While I get very upset when schools and governments proselytize, this sort of thing doesn’t bother me at all.

  • flyb

    Some players also wear cross pendants around their necks and Barry Bonds used to wear cross earrings. And as tattoos become more “in” on the diamond, there may be players sporting religious imagery on their arms or necks. Many players do the sign of the cross before every pitch when they are batting.

    MLB moves very slowly with its rule changes, so even if they decided to ban the drawing of religious symbols in the dirt it wouldn’t be tomorrow. Also keep in mind that MLB players in general are very superstitious and might be ultra-resistant to anything that may change their routines, religious or otherwise. The MLB players’ association is a powerful group.

  • http://atheistlutheran.blogspot.com/ MargueriteF

    “If someone doesn’t like it, all they have to do is kick their foot a few times around it.”

    Imagine the uproar if a pitcher were seen to kick dirt over the cross, though. Conservative Christians would scream in rage, I’m sure. Kicking dirt over the atheist A, on the other hand, would probably be applauded.

  • 7Footpiper

    I’m about as atheist as they come but I can’t help thinking that asking MLB to do something about this is just a bit too much. If we get “up in their grillz” about religious imagery all over the place we risk firing up the religious rights war machine more then it already is.

  • Deus Otiosus

    Not for nothing, but baseball players are notoriously superstitious. Are we really going to get our collective panties in a bunch because some dude drew something in the dirt?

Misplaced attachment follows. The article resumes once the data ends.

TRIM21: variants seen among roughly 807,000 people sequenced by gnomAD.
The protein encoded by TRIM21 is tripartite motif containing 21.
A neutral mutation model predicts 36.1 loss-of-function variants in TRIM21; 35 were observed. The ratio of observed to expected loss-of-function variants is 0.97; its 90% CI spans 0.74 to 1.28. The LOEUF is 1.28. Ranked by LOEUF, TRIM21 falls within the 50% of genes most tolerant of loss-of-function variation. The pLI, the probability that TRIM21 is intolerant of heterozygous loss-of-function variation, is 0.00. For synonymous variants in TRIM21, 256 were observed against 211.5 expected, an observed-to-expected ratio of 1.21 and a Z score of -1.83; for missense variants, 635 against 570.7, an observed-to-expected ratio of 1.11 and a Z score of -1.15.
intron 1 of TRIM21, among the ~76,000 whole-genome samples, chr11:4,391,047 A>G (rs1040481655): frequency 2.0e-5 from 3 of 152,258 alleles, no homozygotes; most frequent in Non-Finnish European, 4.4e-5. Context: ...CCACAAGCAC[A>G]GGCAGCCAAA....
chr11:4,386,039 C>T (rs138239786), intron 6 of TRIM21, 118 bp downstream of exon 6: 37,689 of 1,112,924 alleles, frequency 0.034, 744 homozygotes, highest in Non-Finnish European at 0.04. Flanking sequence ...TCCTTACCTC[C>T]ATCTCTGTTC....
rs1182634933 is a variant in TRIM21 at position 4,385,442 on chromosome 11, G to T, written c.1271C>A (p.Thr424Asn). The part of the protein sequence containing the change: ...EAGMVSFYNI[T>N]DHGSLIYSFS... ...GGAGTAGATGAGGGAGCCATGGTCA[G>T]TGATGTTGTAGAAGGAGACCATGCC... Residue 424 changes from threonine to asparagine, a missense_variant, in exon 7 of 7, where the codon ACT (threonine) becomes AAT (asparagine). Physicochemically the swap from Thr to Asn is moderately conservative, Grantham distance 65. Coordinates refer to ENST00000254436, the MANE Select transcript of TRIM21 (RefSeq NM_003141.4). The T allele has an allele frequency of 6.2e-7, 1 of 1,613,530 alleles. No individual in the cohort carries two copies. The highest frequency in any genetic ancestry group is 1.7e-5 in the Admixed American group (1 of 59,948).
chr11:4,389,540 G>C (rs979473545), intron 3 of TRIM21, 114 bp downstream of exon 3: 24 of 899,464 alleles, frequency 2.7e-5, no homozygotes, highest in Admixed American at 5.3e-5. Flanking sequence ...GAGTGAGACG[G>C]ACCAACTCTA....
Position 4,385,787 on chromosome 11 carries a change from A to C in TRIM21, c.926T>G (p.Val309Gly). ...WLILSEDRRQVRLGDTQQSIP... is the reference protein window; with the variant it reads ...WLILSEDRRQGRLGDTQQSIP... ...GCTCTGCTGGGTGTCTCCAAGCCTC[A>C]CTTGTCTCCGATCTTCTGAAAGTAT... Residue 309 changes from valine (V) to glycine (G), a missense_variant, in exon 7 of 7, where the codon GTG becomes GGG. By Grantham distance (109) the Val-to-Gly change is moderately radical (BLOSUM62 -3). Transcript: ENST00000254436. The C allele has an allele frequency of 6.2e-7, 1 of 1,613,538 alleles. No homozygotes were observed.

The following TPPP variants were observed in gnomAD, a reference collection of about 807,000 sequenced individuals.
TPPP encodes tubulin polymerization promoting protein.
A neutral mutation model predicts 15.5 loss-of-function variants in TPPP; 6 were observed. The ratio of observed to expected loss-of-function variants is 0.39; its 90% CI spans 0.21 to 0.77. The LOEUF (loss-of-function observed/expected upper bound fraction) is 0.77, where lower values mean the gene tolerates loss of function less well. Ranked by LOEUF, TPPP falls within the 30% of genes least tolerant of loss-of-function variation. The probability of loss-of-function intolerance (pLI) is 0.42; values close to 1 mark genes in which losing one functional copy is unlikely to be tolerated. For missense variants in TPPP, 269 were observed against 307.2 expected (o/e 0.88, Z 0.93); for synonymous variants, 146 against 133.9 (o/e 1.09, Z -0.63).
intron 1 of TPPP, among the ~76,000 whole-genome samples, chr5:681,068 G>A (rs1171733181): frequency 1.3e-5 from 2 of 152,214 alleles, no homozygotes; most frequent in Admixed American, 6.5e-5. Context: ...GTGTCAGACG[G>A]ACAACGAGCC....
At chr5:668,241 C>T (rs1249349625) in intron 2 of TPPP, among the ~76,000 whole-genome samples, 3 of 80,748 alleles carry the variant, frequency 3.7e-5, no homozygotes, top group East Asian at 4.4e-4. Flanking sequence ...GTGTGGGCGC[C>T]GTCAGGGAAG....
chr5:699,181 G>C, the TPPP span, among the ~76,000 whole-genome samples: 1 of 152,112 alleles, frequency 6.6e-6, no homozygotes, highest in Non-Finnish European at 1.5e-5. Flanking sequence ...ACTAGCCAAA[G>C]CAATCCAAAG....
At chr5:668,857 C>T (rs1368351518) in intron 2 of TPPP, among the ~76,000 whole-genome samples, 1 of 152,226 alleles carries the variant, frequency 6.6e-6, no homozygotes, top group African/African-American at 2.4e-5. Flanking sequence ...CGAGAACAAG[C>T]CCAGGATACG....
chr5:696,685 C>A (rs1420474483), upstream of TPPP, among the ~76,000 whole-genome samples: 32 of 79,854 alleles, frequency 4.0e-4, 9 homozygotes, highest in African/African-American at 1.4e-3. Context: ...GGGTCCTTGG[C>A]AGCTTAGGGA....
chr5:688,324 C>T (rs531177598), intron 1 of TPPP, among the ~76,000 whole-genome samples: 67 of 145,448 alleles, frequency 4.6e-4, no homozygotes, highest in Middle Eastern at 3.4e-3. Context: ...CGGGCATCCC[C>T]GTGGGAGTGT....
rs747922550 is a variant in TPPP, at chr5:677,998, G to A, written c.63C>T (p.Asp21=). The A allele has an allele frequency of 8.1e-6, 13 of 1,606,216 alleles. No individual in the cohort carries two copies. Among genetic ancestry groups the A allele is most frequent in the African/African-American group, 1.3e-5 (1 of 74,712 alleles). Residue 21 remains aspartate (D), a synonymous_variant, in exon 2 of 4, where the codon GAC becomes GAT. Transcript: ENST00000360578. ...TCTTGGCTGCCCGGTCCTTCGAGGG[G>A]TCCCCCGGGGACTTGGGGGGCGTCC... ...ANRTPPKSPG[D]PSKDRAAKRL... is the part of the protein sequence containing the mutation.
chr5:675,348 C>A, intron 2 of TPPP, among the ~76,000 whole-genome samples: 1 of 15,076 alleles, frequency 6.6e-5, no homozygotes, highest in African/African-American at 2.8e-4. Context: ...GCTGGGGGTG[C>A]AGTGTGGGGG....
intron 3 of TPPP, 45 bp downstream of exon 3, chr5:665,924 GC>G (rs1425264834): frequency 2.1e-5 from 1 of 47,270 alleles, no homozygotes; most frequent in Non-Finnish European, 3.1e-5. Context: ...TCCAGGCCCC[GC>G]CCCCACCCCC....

• Gus Snarp

    Meh. Who cares. He scratches a cross in the dirt on the mound before he pitches. There’s no government involvement here.

  • flyb

    Players wiping out other players’ dirt drawings has led to beanball wars in the past, so players mostly respect anything in the dirt created by another player.

  • Tainda

    So true!

    I would make it look like an accident. Ooops, my bad

  • Gus Snarp

    It occurs to me that this has probably been done by some players for years, maybe decades, but nobody noticed because they didn’t have giant hi-def televisions.

  • cryofly

    What is an atheist symbol? Is it a huge ‘A’?
    I thought we do not explain our lives by symbols and icons?

  • flyb

    I remember a game in the late 80′s or early 90′s, before hi-def, obviously, where the TV announcers noticed that the first basemen were playing tic-tac-toe. One player started the grid and marked his X. Then the player on the other team marked his O when he came out. And it went on from there. I don’t remember who won the game (of tic-tac-toe).

  • http://benny-cemoli.myopenid.com/ Benny Cemoli